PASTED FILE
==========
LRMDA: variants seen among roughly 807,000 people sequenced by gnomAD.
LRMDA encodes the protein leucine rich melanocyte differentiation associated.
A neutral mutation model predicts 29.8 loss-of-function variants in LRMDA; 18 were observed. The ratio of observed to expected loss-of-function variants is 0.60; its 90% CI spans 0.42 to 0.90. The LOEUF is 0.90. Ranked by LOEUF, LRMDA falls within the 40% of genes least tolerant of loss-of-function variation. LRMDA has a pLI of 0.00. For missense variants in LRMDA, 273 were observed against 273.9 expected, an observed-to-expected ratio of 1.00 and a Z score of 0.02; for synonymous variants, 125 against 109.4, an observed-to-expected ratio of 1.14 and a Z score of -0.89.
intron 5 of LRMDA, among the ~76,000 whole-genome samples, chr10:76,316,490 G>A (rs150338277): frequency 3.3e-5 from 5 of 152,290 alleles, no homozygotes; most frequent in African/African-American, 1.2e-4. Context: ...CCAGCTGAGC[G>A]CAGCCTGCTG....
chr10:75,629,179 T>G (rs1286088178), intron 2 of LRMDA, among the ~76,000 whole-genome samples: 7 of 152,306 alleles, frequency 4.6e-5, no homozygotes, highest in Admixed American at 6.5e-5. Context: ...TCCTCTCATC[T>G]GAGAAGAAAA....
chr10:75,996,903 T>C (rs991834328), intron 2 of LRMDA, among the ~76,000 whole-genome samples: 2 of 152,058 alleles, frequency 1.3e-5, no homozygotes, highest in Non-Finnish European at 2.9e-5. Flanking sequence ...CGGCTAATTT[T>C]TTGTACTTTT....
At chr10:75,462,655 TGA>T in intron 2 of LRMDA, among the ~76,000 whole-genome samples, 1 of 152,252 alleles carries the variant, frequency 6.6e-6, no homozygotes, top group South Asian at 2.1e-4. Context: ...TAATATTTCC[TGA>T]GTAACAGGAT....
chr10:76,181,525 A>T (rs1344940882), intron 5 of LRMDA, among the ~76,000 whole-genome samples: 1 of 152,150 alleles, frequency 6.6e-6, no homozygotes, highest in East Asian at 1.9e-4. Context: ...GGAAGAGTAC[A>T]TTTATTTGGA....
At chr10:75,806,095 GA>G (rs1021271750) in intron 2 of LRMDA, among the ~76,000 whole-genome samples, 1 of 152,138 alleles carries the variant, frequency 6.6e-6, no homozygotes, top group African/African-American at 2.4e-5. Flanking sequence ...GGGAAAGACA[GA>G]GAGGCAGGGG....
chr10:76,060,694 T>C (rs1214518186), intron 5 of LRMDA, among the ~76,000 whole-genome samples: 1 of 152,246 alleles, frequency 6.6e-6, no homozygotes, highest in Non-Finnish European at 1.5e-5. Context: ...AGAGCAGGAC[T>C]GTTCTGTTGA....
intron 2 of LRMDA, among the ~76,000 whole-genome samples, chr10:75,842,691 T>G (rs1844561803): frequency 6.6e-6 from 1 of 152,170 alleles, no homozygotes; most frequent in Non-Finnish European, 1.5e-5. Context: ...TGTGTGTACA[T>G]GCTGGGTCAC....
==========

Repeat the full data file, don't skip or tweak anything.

LRMDA: variants seen among roughly 807,000 people sequenced by gnomAD.
LRMDA encodes the protein leucine rich melanocyte differentiation associated.
A neutral mutation model predicts 29.8 loss-of-function variants in LRMDA; 18 were observed. The ratio of observed to expected loss-of-function variants is 0.60; its 90% CI spans 0.42 to 0.90. The LOEUF is 0.90. Ranked by LOEUF, LRMDA falls within the 40% of genes least tolerant of loss-of-function variation. LRMDA has a pLI of 0.00. For missense variants in LRMDA, 273 were observed against 273.9 expected, an observed-to-expected ratio of 1.00 and a Z score of 0.02; for synonymous variants, 125 against 109.4, an observed-to-expected ratio of 1.14 and a Z score of -0.89.
intron 5 of LRMDA, among the ~76,000 whole-genome samples, chr10:76,316,490 G>A (rs150338277): frequency 3.3e-5 from 5 of 152,290 alleles, no homozygotes; most frequent in African/African-American, 1.2e-4. Context: ...CCAGCTGAGC[G>A]CAGCCTGCTG....
chr10:75,629,179 T>G (rs1286088178), intron 2 of LRMDA, among the ~76,000 whole-genome samples: 7 of 152,306 alleles, frequency 4.6e-5, no homozygotes, highest in Admixed American at 6.5e-5. Context: ...TCCTCTCATC[T>G]GAGAAGAAAA....
chr10:75,996,903 T>C (rs991834328), intron 2 of LRMDA, among the ~76,000 whole-genome samples: 2 of 152,058 alleles, frequency 1.3e-5, no homozygotes, highest in Non-Finnish European at 2.9e-5. Flanking sequence ...CGGCTAATTT[T>C]TTGTACTTTT....
At chr10:75,462,655 TGA>T in intron 2 of LRMDA, among the ~76,000 whole-genome samples, 1 of 152,252 alleles carries the variant, frequency 6.6e-6, no homozygotes, top group South Asian at 2.1e-4. Context: ...TAATATTTCC[TGA>T]GTAACAGGAT....
chr10:76,181,525 A>T (rs1344940882), intron 5 of LRMDA, among the ~76,000 whole-genome samples: 1 of 152,150 alleles, frequency 6.6e-6, no homozygotes, highest in East Asian at 1.9e-4. Context: ...GGAAGAGTAC[A>T]TTTATTTGGA....
At chr10:75,806,095 GA>G (rs1021271750) in intron 2 of LRMDA, among the ~76,000 whole-genome samples, 1 of 152,138 alleles carries the variant, frequency 6.6e-6, no homozygotes, top group African/African-American at 2.4e-5. Flanking sequence ...GGGAAAGACA[GA>G]GAGGCAGGGG....
chr10:76,060,694 T>C (rs1214518186), intron 5 of LRMDA, among the ~76,000 whole-genome samples: 1 of 152,246 alleles, frequency 6.6e-6, no homozygotes, highest in Non-Finnish European at 1.5e-5. Context: ...AGAGCAGGAC[T>C]GTTCTGTTGA....
intron 2 of LRMDA, among the ~76,000 whole-genome samples, chr10:75,842,691 T>G (rs1844561803): frequency 6.6e-6 from 1 of 152,170 alleles, no homozygotes; most frequent in Non-Finnish European, 1.5e-5. Context: ...TGTGTGTACA[T>G]GCTGGGTCAC....